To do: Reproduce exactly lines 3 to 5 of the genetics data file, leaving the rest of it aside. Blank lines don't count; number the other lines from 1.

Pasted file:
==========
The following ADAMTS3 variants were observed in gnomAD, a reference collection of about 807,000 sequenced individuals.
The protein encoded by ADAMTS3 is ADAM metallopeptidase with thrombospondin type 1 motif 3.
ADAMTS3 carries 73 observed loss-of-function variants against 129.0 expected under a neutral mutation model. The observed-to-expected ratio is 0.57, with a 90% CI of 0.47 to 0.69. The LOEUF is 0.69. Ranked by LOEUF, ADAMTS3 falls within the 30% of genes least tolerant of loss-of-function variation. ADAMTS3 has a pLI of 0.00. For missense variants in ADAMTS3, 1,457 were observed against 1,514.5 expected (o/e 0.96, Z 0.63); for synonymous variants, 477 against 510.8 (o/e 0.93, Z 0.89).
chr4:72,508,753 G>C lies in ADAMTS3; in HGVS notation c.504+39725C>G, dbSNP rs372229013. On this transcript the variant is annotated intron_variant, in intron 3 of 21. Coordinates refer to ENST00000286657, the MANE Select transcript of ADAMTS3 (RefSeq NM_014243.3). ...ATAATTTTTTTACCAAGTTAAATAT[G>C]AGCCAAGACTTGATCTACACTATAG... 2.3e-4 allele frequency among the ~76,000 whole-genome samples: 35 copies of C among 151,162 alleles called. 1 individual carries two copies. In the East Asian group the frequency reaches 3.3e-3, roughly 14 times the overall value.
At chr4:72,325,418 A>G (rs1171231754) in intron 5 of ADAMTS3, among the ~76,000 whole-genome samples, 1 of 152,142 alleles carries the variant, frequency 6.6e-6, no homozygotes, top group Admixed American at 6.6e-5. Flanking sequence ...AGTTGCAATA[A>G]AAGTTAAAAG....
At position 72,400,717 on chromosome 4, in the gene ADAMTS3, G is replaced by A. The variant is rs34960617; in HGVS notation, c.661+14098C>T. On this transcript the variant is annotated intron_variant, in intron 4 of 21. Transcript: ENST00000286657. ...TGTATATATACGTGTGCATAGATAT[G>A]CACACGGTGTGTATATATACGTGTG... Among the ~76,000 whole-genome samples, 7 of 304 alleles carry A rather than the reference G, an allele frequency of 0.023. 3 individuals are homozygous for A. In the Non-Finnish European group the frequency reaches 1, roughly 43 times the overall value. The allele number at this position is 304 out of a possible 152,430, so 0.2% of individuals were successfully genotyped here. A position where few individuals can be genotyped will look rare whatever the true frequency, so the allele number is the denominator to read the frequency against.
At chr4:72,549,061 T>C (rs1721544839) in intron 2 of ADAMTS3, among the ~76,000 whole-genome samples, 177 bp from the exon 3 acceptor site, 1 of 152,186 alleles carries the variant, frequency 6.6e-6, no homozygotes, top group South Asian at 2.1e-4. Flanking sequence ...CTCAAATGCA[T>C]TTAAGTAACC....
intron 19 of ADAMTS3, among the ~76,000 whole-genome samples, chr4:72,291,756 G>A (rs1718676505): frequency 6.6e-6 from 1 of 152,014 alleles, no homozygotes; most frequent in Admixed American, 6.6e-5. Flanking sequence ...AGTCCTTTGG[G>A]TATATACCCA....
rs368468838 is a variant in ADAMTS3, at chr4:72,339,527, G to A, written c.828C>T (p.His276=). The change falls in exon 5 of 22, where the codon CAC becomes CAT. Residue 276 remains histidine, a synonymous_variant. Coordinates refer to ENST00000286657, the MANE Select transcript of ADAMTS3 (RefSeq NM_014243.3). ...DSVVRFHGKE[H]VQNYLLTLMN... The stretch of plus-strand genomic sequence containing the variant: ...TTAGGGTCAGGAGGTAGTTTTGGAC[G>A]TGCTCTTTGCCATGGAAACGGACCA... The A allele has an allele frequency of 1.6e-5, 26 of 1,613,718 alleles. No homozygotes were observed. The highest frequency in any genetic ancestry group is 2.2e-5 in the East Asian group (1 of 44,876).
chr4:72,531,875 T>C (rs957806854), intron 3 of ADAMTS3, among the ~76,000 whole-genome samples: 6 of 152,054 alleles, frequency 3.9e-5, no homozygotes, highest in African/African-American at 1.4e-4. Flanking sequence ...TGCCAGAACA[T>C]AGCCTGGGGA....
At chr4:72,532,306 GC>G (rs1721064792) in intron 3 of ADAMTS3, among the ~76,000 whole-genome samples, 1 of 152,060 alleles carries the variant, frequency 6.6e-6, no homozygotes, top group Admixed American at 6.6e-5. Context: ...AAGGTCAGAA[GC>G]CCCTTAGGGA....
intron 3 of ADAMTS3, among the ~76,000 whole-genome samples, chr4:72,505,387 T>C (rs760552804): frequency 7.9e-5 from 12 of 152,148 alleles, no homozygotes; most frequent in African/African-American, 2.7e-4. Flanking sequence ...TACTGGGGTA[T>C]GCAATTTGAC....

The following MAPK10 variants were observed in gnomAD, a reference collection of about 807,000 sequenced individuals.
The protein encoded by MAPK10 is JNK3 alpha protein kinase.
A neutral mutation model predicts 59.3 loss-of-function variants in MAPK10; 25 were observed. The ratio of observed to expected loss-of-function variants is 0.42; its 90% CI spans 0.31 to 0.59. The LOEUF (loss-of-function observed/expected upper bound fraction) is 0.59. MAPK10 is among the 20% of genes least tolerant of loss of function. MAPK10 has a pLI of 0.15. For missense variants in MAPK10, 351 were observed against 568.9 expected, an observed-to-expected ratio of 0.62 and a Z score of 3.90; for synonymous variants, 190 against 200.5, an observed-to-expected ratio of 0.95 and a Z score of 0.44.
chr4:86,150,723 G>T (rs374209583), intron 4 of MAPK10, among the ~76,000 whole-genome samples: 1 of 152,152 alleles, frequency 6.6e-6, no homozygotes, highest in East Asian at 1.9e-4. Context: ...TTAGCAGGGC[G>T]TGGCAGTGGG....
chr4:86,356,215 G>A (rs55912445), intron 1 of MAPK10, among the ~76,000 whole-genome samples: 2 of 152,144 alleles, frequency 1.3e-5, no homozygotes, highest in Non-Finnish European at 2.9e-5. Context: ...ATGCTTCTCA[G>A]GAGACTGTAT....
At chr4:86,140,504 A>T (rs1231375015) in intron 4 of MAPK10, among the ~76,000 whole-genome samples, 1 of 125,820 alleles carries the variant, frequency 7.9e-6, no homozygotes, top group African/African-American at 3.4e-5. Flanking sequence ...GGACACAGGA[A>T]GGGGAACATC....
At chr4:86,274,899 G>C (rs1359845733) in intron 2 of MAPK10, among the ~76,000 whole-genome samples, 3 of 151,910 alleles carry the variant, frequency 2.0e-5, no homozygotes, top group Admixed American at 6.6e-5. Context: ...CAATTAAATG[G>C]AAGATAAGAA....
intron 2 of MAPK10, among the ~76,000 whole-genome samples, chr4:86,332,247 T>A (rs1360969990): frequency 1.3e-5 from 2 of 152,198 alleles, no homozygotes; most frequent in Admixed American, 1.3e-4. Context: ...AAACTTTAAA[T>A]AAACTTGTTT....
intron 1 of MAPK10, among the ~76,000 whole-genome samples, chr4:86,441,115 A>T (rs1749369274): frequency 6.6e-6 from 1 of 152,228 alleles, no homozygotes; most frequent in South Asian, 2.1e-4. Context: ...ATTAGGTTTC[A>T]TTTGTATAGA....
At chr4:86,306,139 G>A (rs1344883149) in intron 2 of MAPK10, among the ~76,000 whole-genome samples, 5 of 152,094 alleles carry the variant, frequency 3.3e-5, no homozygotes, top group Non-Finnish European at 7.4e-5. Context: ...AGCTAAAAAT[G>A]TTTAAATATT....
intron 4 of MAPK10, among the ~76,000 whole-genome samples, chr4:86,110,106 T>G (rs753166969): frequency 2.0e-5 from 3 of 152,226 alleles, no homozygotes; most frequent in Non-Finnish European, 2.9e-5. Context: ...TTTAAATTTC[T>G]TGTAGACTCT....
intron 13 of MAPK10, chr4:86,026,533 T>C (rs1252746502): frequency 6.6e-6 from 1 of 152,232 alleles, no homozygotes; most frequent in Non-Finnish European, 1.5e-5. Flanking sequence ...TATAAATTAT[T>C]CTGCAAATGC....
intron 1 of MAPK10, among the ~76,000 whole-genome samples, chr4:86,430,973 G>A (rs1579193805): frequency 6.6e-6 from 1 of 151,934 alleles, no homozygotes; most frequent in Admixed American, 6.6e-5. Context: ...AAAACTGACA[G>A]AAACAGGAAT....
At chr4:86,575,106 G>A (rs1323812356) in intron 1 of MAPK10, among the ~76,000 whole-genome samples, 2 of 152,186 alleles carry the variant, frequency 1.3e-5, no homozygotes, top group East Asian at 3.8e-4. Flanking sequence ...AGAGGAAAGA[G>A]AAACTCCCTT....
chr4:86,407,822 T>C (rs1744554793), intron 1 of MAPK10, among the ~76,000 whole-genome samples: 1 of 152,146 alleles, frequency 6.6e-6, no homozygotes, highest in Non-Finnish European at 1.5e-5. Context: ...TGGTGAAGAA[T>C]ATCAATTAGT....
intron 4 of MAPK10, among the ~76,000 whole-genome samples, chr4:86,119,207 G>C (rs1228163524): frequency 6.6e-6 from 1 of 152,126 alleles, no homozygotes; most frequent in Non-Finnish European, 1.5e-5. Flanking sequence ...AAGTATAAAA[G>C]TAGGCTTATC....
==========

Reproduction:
ADAMTS3 carries 73 observed loss-of-function variants against 129.0 expected under a neutral mutation model. The observed-to-expected ratio is 0.57, with a 90% CI of 0.47 to 0.69. The LOEUF is 0.69. Ranked by LOEUF, ADAMTS3 falls within the 30% of genes least tolerant of loss-of-function variation. ADAMTS3 has a pLI of 0.00. For missense variants in ADAMTS3, 1,457 were observed against 1,514.5 expected (o/e 0.96, Z 0.63); for synonymous variants, 477 against 510.8 (o/e 0.93, Z 0.89).
chr4:72,508,753 G>C lies in ADAMTS3; in HGVS notation c.504+39725C>G, dbSNP rs372229013. On this transcript the variant is annotated intron_variant, in intron 3 of 21. Coordinates refer to ENST00000286657, the MANE Select transcript of ADAMTS3 (RefSeq NM_014243.3). ...ATAATTTTTTTACCAAGTTAAATAT[G>C]AGCCAAGACTTGATCTACACTATAG... 2.3e-4 allele frequency among the ~76,000 whole-genome samples: 35 copies of C among 151,162 alleles called. 1 individual carries two copies. In the East Asian group the frequency reaches 3.3e-3, roughly 14 times the overall value.
At chr4:72,325,418 A>G (rs1171231754) in intron 5 of ADAMTS3, among the ~76,000 whole-genome samples, 1 of 152,142 alleles carries the variant, frequency 6.6e-6, no homozygotes, top group Admixed American at 6.6e-5. Flanking sequence ...AGTTGCAATA[A>G]AAGTTAAAAG....